Obesity is determined based on an individual’s body mass index (BMI) which is derived based on their weight and height. Table 1 highlights how a BMI is used to determine obesity; essentially, the higher a BMI the more overweight or obese an individual is. A BMI under 25 is considered normal, or healthy.
There are many explanations for why obesity is rising. Our diets are filled with fats and sugars, people are more sedentary, and extended work and school hours are limiting time for calorie burning activities. Regardless of how this epidemic has arisen, there are real consequences that directly affect EMS systems and providers through both increased call volume and serious logistical issues.
Obesity is a risk factor for many diseases and illnesses, including:
• Coronary artery disease
• Type 2 diabetes
• Cancer (endometrial, breast, colon)
• Liver and gallbladder disease
• Sleep apnea
• Gynecological problems
• Kidney disease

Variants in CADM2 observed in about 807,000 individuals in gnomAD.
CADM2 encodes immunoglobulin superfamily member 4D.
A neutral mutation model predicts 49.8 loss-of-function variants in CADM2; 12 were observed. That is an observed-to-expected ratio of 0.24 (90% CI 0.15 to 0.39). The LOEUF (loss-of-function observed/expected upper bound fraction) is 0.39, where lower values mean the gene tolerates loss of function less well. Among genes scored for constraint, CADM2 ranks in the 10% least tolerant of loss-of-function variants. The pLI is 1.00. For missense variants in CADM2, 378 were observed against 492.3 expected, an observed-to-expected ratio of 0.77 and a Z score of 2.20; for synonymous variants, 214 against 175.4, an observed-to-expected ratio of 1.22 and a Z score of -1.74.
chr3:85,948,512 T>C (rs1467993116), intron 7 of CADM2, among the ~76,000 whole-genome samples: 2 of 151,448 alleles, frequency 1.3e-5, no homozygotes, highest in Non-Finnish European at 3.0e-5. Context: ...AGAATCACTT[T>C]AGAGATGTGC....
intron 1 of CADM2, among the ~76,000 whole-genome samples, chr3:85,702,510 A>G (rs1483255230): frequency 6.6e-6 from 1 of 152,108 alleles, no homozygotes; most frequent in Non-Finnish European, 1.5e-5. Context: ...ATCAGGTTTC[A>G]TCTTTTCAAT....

• Psychological issues.
As an individual becomes overweight, their body stores excess fat as adipose tissue. Most commonly this adipose tissue is stored across the abdomen, around the liver and surrounding muscles. Adipose tissue has also been found to release a large number of cytokines. Cytokines are molecules that signal cells to carry out (or not carry out) specific functions and can be comprised of proteins, peptides or glycoproteins. Some cytokines are immunomodulating agents, which affect the immune system, while others affect different organ systems. While the specific function of each cytokine is beyond the scope of this article, several of these will be mentioned throughout the article.
Effects on pulmonary health